While the core classes provide the basic curriculum, students meet with their advisors to plan a course of specialized study called Planning Concentrations (PCs). Their purpose is to guide the student in designing a coherent program with an individual focus. The Planning Concentrations listed below should not be viewed as mutually exclusive program compartments. Rather, they are umbrella categories that assist students in focusing their interests. Within these categories, individual students may develop subspecialties. The PCs overlap, combine, and reinforce each other, remaining flexible while suggesting the types of programs we emphasize at the University of Virginia.

Environmental Management and Conservation


Deals with impacts of land development on the biophysical environment and policies to conserve air, water, land, energy, and minerals.  This concentration addresses issues of sensitive settings, such as coastal, mountain, wetland, heritage, and special habitat areas.  Environmental planning embraces many settings, ranging from urban environments to wilderness areas to agricultural ecosystems.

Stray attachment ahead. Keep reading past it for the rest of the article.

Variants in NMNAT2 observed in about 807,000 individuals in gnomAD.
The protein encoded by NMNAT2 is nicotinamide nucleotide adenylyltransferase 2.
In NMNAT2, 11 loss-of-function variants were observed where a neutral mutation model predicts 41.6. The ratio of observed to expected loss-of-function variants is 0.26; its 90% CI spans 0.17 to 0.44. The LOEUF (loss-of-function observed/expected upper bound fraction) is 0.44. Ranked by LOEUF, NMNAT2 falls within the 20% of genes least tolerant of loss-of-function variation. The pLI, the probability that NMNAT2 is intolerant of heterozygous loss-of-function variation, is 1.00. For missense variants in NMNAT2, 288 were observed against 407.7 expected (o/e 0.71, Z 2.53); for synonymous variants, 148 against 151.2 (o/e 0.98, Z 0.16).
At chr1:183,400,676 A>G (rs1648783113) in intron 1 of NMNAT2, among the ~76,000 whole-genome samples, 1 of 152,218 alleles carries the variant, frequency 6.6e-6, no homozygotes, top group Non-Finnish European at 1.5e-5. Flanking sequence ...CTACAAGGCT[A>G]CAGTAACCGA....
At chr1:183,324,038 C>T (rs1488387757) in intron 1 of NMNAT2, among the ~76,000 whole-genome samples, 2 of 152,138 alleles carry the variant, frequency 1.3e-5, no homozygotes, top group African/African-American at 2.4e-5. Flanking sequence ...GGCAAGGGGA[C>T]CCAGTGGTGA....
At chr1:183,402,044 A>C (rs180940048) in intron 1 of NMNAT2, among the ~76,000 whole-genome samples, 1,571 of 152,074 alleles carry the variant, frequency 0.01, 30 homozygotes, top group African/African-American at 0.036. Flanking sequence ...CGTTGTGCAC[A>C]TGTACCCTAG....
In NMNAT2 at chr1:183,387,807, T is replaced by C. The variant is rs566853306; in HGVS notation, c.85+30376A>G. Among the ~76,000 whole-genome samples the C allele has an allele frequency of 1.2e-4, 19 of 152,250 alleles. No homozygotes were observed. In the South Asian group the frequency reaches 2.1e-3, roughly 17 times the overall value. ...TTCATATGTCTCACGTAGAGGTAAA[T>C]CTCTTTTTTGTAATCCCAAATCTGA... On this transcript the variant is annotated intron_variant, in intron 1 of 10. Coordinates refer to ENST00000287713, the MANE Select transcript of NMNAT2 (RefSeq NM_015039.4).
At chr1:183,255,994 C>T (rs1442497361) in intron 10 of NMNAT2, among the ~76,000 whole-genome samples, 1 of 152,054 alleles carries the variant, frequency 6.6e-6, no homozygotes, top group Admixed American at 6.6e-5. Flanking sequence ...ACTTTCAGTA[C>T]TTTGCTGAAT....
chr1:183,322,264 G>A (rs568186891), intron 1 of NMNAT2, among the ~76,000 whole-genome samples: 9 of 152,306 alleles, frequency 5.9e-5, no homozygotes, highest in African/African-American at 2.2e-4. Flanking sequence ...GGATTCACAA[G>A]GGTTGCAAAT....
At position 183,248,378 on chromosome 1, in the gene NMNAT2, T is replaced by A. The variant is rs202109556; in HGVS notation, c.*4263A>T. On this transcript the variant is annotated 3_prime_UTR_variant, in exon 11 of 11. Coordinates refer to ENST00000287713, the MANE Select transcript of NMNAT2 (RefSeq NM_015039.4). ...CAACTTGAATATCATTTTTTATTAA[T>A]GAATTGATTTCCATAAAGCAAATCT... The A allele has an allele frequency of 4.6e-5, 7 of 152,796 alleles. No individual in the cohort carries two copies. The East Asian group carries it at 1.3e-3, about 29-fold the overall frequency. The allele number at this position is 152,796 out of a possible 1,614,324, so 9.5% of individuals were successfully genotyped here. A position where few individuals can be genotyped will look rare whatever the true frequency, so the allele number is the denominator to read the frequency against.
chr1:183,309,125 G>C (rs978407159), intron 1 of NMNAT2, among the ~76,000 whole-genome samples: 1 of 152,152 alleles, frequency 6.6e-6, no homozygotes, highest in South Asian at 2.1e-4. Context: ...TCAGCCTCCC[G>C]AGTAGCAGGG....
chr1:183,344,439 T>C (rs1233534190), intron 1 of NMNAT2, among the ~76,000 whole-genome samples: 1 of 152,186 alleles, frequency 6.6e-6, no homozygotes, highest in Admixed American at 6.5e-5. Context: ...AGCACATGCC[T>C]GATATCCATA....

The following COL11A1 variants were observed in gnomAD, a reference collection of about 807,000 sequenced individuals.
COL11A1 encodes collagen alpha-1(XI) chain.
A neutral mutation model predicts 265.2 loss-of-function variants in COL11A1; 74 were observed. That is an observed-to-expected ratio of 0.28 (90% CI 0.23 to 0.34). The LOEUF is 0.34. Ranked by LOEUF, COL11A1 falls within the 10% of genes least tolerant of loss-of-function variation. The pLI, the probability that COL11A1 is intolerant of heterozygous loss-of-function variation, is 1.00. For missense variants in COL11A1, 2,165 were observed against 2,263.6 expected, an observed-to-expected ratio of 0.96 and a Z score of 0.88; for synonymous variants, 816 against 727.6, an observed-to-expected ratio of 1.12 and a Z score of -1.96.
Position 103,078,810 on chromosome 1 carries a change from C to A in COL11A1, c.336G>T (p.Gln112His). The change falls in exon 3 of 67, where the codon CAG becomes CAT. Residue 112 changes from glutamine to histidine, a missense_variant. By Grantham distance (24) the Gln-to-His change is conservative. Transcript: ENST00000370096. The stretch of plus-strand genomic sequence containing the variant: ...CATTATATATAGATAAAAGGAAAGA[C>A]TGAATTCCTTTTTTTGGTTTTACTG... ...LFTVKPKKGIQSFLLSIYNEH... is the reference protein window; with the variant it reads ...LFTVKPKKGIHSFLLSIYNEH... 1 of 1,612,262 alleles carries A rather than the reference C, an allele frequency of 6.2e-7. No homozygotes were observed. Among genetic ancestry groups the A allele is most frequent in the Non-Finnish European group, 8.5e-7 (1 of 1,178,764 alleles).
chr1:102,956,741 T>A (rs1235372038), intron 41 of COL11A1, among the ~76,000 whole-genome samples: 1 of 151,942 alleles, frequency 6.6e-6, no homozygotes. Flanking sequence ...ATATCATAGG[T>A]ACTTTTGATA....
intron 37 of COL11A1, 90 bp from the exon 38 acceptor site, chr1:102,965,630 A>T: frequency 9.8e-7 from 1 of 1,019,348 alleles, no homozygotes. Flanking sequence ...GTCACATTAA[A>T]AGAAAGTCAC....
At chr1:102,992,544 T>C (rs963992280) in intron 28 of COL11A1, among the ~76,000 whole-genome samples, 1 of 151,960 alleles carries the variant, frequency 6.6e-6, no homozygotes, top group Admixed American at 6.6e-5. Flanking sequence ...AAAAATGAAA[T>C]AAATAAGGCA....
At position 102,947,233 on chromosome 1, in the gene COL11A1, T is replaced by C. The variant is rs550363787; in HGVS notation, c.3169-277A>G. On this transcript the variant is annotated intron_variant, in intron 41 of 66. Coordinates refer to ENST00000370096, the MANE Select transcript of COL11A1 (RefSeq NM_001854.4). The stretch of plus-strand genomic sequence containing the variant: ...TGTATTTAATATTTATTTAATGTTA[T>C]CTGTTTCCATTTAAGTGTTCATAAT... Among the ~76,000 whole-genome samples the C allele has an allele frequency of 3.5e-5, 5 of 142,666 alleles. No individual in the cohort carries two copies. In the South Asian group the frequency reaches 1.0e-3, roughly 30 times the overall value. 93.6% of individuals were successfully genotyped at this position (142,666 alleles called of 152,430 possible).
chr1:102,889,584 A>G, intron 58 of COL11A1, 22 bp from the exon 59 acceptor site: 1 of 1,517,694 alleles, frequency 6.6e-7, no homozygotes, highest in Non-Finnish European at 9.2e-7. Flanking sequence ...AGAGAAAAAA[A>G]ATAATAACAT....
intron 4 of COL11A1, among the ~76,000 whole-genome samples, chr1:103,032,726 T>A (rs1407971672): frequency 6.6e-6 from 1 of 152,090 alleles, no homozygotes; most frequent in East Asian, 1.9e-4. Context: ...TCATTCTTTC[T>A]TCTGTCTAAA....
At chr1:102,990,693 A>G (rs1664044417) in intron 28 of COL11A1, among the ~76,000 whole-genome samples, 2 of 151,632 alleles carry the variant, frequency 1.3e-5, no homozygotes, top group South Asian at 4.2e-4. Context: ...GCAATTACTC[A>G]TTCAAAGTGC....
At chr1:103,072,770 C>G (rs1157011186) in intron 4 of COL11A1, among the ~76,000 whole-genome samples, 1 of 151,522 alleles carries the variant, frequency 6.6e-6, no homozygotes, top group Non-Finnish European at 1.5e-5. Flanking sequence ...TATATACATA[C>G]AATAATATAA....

The foundation course is PLAN 553.

Housing and Community Development


Deals with issues of established communities, land reuse and redevelopment, and community and economic development from spatial, economic and social perspectives. Relation topics include land development and public/private development partnerships, urban design and preservation planning.